How do you close the deal? One needs a good product, of course. But techniques are secondary, and frequently misleading. Espionage, interrogation, or making any deal primarily depends on one key element – understanding the person sitting in front of you and what drives their personal motivations. In this provocative and powerful discussion, Carle demonstrates how to approach a client and increase the likelihood of closing the deal, whatever the product in question. Carle learned how to assess and win the confidence of others over a 23-year career, recruiting people to commit treason and, in his last operation, while interrogating an al-Qa’ida member. Here, he offers audiences unparalleled insight, practical strategies, and effective tools to close the deal and win clients and contracts.
How does a leader avoid having his subordinates reinforce his biases and perceptions? A secure leader encourages challenge. The last question Carle asked in most meetings was, now, tell me where I’m stupid. He might phrase it more formally, but the point was to encourage challenge of the leader’s assumptions and decisions.
The only way for a leader to avoid being trapped in his own perspective is to encourage subordinates to challenge him as decisions are being made. In this enlightening, engaging presentation, Carle demonstrates how to avoid the blindness that comes from being in a senior position, drawing from his unique experience as the leader of the interrogation of a senior al-Qa’ida detainee as well as of the 16 agencies of the Intelligence Community in making assessments of the terrorist threat to the US. Utilizing personal anecdotes and vivid illustrations, Carle contends the need to challenge conventional thinking in the face of contradicting fact and elucidates the peril of adhering to the prevailing wisdom of leaders and organizations.
What is leadership? What do you do when your orders contradict themselves? When your superiors misunderstand the reality on the ground? What do you do if your sense of duty conflicts with the institution you serve, or what is right? In The Interrogator, Carle relates that he became an operations officer to challenge himself, to be obliged to make the hard decisions, when all was murky and there were no clear answers. He got what he wished for and also decided that he had to say no.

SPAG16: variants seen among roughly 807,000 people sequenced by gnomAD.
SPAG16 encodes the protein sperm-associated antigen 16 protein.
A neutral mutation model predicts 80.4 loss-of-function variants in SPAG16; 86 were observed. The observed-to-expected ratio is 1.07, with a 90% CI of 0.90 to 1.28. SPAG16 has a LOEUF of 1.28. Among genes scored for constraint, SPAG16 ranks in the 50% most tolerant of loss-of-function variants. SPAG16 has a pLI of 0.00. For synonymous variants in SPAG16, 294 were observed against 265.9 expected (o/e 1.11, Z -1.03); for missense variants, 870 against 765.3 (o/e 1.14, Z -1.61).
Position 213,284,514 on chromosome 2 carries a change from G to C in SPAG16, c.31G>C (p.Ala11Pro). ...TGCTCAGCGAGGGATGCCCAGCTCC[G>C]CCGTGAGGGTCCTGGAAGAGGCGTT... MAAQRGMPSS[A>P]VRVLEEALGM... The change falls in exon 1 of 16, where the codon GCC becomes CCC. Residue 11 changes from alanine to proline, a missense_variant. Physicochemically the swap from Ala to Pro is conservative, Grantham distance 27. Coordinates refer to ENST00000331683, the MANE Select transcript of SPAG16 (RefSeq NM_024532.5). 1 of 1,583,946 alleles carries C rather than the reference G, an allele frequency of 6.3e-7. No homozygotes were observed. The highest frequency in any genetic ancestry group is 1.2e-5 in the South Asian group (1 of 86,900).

Character is how you act when no one else is watching. But what is character when no decision appears right? Carle illuminates this dilemma by describing the conflicts he faced, given the contradictions between a President’s order to do whatever it takes in an interrogation, and American laws and values against torture?and how he decided what was right, and when to say no. Leadership is an approach to one’s orders, peers, and self, at any place in the chain of command, not a position one fills. Carle demonstrates how leadership is an attitude, independent of rank, and may bring an officer to challenge his superiors and his orders.
How does one decide how to act when information is imperfect, contradictory, and there is no apparent right choice? Glenn Carle is all too familiar with this scenario. Based on Carle’s assignment to interrogate a top member of al-Qa’ida, with American lives on the line, Carle wrestled with and learned to challenge assumptions that hindered accomplishing the overall mission. Relevant and required for those making managerial and marketing decisions, Carle explains how an officer (employee, manager, CEO) always must challenge the assumptions that shape his instructions and stated objectives, while remaining loyal to the institution he serves – and in fact, that challenging assumptions is how one remains loyal to one’s institution, superiors, and mission.
The CIA assessment had tagged Carle’s detainee as someone who could lead the CIA to Bin Ladin. Carle’s assessment progressively disagreed with almost everything the Agency believed. But, some information convinced Carle, too, that the detainee had ties to the top of al-Qa’ida. And it was Carle’s job to decide what to do with the detainee. Surprisingly, doubt and uncertainty can enable clarity and making the right decision, because they can free one from unthinking assumptions. Carle illustrates this with examples of the dilemmas he confronted and the choices he had to make alone, at odds with the CIA, and responsible to understand where our assumptions misled us.